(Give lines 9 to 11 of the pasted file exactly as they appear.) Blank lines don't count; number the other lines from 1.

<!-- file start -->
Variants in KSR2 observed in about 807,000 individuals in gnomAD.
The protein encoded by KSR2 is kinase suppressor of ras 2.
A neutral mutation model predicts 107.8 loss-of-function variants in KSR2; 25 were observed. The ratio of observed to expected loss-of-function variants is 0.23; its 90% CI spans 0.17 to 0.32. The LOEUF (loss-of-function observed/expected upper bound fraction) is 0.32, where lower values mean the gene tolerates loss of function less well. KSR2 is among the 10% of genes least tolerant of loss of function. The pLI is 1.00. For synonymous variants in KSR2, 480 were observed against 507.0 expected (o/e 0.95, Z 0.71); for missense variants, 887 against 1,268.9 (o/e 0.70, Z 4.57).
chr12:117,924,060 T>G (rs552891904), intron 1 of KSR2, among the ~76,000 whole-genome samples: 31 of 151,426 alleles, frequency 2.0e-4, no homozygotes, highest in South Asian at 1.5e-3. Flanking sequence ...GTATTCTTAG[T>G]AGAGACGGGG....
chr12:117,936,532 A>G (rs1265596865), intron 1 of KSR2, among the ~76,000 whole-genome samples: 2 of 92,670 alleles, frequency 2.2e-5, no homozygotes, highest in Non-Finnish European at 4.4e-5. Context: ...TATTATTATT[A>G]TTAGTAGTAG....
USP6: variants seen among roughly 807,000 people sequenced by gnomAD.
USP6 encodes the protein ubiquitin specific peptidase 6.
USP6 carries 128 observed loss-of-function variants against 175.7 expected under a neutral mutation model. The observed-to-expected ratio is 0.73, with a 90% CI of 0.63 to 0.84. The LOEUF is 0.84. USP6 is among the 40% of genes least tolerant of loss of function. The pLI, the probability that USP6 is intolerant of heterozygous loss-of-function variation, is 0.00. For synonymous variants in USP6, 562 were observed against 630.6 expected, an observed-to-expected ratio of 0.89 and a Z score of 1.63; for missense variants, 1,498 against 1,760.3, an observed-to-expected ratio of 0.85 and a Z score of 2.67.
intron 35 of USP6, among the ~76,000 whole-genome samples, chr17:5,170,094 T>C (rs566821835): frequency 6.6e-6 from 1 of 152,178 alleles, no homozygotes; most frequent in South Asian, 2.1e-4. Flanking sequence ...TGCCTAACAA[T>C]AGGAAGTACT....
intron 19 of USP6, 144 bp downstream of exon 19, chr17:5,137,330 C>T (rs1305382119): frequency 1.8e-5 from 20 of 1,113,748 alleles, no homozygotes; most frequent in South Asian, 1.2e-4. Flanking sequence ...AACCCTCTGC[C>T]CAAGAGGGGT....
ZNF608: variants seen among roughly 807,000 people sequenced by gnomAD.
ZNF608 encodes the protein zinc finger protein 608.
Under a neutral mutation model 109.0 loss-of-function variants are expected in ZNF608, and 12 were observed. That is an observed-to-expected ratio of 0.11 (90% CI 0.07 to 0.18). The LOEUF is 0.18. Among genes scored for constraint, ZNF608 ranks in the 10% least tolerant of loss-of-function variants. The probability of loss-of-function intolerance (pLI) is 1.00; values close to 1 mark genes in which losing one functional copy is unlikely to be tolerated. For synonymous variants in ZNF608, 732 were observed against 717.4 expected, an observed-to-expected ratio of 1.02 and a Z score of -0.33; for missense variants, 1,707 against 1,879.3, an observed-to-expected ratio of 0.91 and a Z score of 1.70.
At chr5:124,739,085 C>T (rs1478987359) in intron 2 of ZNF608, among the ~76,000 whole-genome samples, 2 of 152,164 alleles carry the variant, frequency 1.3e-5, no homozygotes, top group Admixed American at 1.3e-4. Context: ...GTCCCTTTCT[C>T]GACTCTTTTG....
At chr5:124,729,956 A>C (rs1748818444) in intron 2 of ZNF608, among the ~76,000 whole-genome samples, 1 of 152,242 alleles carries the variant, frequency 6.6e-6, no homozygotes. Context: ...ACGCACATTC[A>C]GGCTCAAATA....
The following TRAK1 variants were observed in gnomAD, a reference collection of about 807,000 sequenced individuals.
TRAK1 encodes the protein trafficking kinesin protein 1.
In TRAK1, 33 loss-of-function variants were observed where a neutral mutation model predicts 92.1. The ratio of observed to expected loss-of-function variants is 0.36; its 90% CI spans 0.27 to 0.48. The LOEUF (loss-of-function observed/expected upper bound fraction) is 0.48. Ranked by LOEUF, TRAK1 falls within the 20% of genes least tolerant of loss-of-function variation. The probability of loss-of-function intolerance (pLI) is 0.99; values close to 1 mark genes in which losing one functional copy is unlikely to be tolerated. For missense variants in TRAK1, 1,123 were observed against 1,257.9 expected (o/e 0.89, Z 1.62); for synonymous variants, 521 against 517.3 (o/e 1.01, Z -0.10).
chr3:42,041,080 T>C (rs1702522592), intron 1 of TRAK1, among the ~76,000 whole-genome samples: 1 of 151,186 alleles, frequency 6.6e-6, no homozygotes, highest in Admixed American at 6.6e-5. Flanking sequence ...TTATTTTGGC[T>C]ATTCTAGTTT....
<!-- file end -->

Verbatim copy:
intron 35 of USP6, among the ~76,000 whole-genome samples, chr17:5,170,094 T>C (rs566821835): frequency 6.6e-6 from 1 of 152,178 alleles, no homozygotes; most frequent in South Asian, 2.1e-4. Flanking sequence ...TGCCTAACAA[T>C]AGGAAGTACT....
intron 19 of USP6, 144 bp downstream of exon 19, chr17:5,137,330 C>T (rs1305382119): frequency 1.8e-5 from 20 of 1,113,748 alleles, no homozygotes; most frequent in South Asian, 1.2e-4. Flanking sequence ...AACCCTCTGC[C>T]CAAGAGGGGT....
ZNF608: variants seen among roughly 807,000 people sequenced by gnomAD.